I’m the Real Fonz

When I was five years old, my brother said haughtily, “My name in English is Arthur. That means I’m as cool as Arthur Fonzarelli, The Fonz.”

He stuck his tongue out at me.

I was devastated.

Nobody was cooler than The Fonz. He would pound the side of a vending machine and free sodas would drop down, or he’d snap his fingers and a horde of girls in poodle skirts would respond. I wanted to be like The Fonz.

This happened in 1974, some years after my parents immigrated to East Los Angeles from Mexico with their five children. Back then, public schools instructed recent Latino immigrants in Spanish only. My siblings and I weren’t allowed to read English textbooks. During the day, we went to school and pretended we lived in a country where the official language was Spanish. At night, we taught ourselves English by watching television. One of the shows we loved was Happy Days, where The Fonz appeared. Other favorites were Kimba the White Lion and Speed Racer, Japanese cartoons dubbed into English. In this way, little by little, we learned a handful of English words. Our mother had only a second-grade Spanish education, so she couldn’t help us translate the world around us. Our father had abandoned us.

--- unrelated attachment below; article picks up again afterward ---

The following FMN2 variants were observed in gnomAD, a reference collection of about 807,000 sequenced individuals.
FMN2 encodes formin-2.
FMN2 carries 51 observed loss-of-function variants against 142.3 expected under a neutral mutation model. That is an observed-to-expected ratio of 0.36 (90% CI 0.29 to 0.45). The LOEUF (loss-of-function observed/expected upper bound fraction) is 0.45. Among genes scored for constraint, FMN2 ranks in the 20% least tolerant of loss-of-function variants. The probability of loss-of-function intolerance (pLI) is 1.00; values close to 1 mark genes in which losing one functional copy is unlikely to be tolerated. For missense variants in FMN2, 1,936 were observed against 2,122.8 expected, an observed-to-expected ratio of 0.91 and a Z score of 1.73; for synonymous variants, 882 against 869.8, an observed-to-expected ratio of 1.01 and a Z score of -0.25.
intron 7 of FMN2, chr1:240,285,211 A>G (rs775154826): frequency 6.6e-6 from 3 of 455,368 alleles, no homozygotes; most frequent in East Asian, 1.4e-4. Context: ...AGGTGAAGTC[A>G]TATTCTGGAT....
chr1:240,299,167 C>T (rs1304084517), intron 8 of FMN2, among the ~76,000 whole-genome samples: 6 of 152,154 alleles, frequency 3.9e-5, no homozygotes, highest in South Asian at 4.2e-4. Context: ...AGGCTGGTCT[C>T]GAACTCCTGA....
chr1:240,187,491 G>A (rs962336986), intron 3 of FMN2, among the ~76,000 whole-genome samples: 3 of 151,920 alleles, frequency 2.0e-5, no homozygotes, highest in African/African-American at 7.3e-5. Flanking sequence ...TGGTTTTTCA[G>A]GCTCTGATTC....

Via the magic of language, my brother Arturo had transformed himself into Arthur. He raised his nose, basking in the glory of his new persona, and jeered at me, “Ha! Ha! You’re not cool.”

I didn’t know what my name was in English, so I couldn’t defend myself or fight back. I was nothing more than a mat on which The Fonz wiped his shiny black boots.

The next day I marched to kindergarten and asked my teacher, “What’s my name in English?” Then I made a beeline for my brother. I put my hands on my hips and said, “My name in English is Henry. The real name of The Fonz is Henry Winkler. His fake name is Arthur Fonzarelli. That means you are a fake, and I’m the real Fonz.”My brother screamed, “Henry Winkler is boring. The cool one is Arthur Fonzarelli.”

“Henry is the one who gets paid,” I said, “and having money is cooler.”

Secretly, I agreed with my brother. Even before he had pointed it out, I thought Henry Winkler, the soft-spoken actor, was much duller than the character he played. He was almost the opposite of The Fonz: quiet and nerdy. I wasn’t, however, going to let Arturo know that, so I kept insisting Henry was cooler. If I repeat it enough, I thought, maybe I can get him to believe what I don’t. In either case, by age five, I had learned that, using words, I could recreate myself in whatever version I wanted. That’s what I did.

Published in Sky Island Journal